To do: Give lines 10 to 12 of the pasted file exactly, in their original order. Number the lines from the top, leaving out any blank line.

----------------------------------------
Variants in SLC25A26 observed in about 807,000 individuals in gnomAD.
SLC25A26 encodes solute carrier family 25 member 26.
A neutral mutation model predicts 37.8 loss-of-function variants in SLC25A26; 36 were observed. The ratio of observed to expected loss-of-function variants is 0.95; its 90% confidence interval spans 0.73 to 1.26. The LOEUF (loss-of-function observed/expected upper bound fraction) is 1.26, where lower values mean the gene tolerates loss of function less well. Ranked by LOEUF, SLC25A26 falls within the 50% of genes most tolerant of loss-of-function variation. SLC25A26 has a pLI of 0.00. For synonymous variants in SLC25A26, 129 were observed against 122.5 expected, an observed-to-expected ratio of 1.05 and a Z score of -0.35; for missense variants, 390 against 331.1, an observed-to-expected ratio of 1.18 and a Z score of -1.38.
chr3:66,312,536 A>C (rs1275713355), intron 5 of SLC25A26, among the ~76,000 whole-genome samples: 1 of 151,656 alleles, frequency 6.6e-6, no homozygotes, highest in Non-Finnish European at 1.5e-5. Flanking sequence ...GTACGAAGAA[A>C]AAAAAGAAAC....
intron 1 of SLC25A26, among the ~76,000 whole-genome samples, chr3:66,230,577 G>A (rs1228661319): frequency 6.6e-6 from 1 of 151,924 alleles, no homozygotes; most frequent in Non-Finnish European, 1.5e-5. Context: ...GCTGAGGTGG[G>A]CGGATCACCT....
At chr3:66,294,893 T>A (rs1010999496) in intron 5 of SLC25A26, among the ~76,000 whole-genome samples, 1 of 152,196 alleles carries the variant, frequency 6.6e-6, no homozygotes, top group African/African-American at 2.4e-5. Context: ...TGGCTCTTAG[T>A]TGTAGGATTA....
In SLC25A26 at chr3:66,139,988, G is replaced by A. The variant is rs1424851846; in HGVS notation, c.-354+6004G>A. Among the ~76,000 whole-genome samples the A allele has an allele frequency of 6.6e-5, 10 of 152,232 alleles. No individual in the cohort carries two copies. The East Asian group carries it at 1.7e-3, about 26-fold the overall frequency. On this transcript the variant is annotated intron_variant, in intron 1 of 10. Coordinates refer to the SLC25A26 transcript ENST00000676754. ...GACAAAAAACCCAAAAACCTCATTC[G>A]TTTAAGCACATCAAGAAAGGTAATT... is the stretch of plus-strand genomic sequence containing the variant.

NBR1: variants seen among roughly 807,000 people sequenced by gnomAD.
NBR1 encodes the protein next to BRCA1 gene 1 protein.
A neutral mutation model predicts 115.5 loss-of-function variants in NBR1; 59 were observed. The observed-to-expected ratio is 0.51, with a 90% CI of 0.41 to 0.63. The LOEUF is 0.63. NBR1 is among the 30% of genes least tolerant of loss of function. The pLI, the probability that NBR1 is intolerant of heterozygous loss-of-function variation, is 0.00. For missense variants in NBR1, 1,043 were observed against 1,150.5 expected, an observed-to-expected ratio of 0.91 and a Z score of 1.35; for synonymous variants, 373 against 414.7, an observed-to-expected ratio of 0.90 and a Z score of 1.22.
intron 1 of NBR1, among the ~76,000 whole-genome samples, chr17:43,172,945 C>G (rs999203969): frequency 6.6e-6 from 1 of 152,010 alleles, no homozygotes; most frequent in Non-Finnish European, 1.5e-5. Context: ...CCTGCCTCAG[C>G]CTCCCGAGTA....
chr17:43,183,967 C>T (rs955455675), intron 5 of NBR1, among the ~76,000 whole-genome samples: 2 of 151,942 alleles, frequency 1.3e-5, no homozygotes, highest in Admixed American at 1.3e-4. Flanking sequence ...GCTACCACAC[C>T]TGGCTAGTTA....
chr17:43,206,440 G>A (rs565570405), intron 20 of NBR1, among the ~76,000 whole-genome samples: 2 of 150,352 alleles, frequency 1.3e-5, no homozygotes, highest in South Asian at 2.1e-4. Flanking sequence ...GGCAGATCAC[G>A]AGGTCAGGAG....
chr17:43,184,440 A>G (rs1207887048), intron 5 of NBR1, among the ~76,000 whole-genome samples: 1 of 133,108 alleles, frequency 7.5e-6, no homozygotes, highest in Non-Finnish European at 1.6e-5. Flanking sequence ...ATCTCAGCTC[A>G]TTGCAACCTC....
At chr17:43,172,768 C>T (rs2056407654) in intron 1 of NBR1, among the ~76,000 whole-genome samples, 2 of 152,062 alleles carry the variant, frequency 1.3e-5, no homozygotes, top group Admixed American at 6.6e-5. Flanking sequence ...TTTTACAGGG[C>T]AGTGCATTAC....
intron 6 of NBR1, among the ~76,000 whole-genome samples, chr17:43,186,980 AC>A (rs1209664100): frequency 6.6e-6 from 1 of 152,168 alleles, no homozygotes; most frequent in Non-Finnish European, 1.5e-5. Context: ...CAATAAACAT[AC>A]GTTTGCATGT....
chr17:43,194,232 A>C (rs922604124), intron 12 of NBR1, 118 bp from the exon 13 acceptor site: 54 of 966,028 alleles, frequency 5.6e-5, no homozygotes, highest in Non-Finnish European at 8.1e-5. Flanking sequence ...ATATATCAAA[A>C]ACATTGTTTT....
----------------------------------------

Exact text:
A neutral mutation model predicts 115.5 loss-of-function variants in NBR1; 59 were observed. The observed-to-expected ratio is 0.51, with a 90% CI of 0.41 to 0.63. The LOEUF is 0.63. NBR1 is among the 30% of genes least tolerant of loss of function. The pLI, the probability that NBR1 is intolerant of heterozygous loss-of-function variation, is 0.00. For missense variants in NBR1, 1,043 were observed against 1,150.5 expected, an observed-to-expected ratio of 0.91 and a Z score of 1.35; for synonymous variants, 373 against 414.7, an observed-to-expected ratio of 0.90 and a Z score of 1.22.
intron 1 of NBR1, among the ~76,000 whole-genome samples, chr17:43,172,945 C>G (rs999203969): frequency 6.6e-6 from 1 of 152,010 alleles, no homozygotes; most frequent in Non-Finnish European, 1.5e-5. Context: ...CCTGCCTCAG[C>G]CTCCCGAGTA....
chr17:43,183,967 C>T (rs955455675), intron 5 of NBR1, among the ~76,000 whole-genome samples: 2 of 151,942 alleles, frequency 1.3e-5, no homozygotes, highest in Admixed American at 1.3e-4. Flanking sequence ...GCTACCACAC[C>T]TGGCTAGTTA....